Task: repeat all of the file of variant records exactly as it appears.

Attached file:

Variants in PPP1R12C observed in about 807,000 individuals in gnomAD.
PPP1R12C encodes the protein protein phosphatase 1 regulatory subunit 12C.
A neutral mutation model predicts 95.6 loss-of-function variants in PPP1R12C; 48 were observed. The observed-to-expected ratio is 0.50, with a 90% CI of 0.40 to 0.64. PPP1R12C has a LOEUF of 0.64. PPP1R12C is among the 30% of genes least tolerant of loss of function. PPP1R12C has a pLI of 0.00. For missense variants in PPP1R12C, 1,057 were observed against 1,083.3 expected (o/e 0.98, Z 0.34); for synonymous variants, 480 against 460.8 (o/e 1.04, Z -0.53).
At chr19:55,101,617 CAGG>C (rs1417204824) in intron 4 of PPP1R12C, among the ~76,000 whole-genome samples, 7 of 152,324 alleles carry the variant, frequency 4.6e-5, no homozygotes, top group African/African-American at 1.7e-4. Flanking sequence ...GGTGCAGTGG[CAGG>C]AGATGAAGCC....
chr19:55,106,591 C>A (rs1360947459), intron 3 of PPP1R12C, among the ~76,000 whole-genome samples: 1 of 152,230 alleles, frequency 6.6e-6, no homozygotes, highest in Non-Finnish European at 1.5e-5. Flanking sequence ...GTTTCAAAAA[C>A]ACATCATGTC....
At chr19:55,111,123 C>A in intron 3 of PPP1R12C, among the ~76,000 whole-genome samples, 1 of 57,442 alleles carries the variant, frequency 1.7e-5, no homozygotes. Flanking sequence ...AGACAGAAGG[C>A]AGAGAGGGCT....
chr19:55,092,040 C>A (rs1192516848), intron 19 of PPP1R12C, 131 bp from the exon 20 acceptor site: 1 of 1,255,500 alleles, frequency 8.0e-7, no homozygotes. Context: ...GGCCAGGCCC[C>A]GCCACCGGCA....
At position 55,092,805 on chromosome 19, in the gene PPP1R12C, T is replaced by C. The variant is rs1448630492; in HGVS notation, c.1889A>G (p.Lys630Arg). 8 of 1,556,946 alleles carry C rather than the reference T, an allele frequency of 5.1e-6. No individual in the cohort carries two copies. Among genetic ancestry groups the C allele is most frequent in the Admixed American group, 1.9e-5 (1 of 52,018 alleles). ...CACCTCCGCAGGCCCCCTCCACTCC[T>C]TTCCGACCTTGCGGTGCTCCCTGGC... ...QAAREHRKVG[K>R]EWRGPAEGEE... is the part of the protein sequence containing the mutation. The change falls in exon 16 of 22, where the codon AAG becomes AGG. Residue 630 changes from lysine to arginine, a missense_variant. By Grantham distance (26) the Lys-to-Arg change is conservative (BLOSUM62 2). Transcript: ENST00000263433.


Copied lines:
Variants in PPP1R12C observed in about 807,000 individuals in gnomAD.
PPP1R12C encodes the protein protein phosphatase 1 regulatory subunit 12C.
A neutral mutation model predicts 95.6 loss-of-function variants in PPP1R12C; 48 were observed. The observed-to-expected ratio is 0.50, with a 90% CI of 0.40 to 0.64. PPP1R12C has a LOEUF of 0.64. PPP1R12C is among the 30% of genes least tolerant of loss of function. PPP1R12C has a pLI of 0.00. For missense variants in PPP1R12C, 1,057 were observed against 1,083.3 expected (o/e 0.98, Z 0.34); for synonymous variants, 480 against 460.8 (o/e 1.04, Z -0.53).
At chr19:55,101,617 CAGG>C (rs1417204824) in intron 4 of PPP1R12C, among the ~76,000 whole-genome samples, 7 of 152,324 alleles carry the variant, frequency 4.6e-5, no homozygotes, top group African/African-American at 1.7e-4. Flanking sequence ...GGTGCAGTGG[CAGG>C]AGATGAAGCC....
chr19:55,106,591 C>A (rs1360947459), intron 3 of PPP1R12C, among the ~76,000 whole-genome samples: 1 of 152,230 alleles, frequency 6.6e-6, no homozygotes, highest in Non-Finnish European at 1.5e-5. Flanking sequence ...GTTTCAAAAA[C>A]ACATCATGTC....
At chr19:55,111,123 C>A in intron 3 of PPP1R12C, among the ~76,000 whole-genome samples, 1 of 57,442 alleles carries the variant, frequency 1.7e-5, no homozygotes. Flanking sequence ...AGACAGAAGG[C>A]AGAGAGGGCT....
chr19:55,092,040 C>A (rs1192516848), intron 19 of PPP1R12C, 131 bp from the exon 20 acceptor site: 1 of 1,255,500 alleles, frequency 8.0e-7, no homozygotes. Context: ...GGCCAGGCCC[C>A]GCCACCGGCA....
At position 55,092,805 on chromosome 19, in the gene PPP1R12C, T is replaced by C. The variant is rs1448630492; in HGVS notation, c.1889A>G (p.Lys630Arg). 8 of 1,556,946 alleles carry C rather than the reference T, an allele frequency of 5.1e-6. No individual in the cohort carries two copies. Among genetic ancestry groups the C allele is most frequent in the Admixed American group, 1.9e-5 (1 of 52,018 alleles). ...CACCTCCGCAGGCCCCCTCCACTCC[T>C]TTCCGACCTTGCGGTGCTCCCTGGC... ...QAAREHRKVG[K>R]EWRGPAEGEE... is the part of the protein sequence containing the mutation. The change falls in exon 16 of 22, where the codon AAG becomes AGG. Residue 630 changes from lysine to arginine, a missense_variant. By Grantham distance (26) the Lys-to-Arg change is conservative (BLOSUM62 2). Transcript: ENST00000263433.